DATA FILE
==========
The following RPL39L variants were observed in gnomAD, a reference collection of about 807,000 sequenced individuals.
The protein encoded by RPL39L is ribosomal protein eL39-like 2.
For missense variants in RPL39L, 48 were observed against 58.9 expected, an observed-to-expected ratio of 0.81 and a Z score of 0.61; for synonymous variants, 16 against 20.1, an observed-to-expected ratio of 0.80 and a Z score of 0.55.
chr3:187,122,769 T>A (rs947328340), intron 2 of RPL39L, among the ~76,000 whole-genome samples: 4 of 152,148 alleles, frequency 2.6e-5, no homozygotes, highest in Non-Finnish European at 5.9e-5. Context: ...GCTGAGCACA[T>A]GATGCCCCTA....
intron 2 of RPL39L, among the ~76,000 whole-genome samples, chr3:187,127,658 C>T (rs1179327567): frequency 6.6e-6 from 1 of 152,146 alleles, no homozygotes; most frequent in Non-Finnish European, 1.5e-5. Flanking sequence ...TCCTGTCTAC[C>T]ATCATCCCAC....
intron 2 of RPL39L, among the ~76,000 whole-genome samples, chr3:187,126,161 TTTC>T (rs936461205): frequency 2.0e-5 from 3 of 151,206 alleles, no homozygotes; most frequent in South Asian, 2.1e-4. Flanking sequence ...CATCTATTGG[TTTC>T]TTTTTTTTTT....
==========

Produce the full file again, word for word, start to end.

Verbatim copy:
The following RPL39L variants were observed in gnomAD, a reference collection of about 807,000 sequenced individuals.
The protein encoded by RPL39L is ribosomal protein eL39-like 2.
For missense variants in RPL39L, 48 were observed against 58.9 expected, an observed-to-expected ratio of 0.81 and a Z score of 0.61; for synonymous variants, 16 against 20.1, an observed-to-expected ratio of 0.80 and a Z score of 0.55.
chr3:187,122,769 T>A (rs947328340), intron 2 of RPL39L, among the ~76,000 whole-genome samples: 4 of 152,148 alleles, frequency 2.6e-5, no homozygotes, highest in Non-Finnish European at 5.9e-5. Context: ...GCTGAGCACA[T>A]GATGCCCCTA....
intron 2 of RPL39L, among the ~76,000 whole-genome samples, chr3:187,127,658 C>T (rs1179327567): frequency 6.6e-6 from 1 of 152,146 alleles, no homozygotes; most frequent in Non-Finnish European, 1.5e-5. Flanking sequence ...TCCTGTCTAC[C>T]ATCATCCCAC....
intron 2 of RPL39L, among the ~76,000 whole-genome samples, chr3:187,126,161 TTTC>T (rs936461205): frequency 2.0e-5 from 3 of 151,206 alleles, no homozygotes; most frequent in South Asian, 2.1e-4. Flanking sequence ...CATCTATTGG[TTTC>T]TTTTTTTTTT....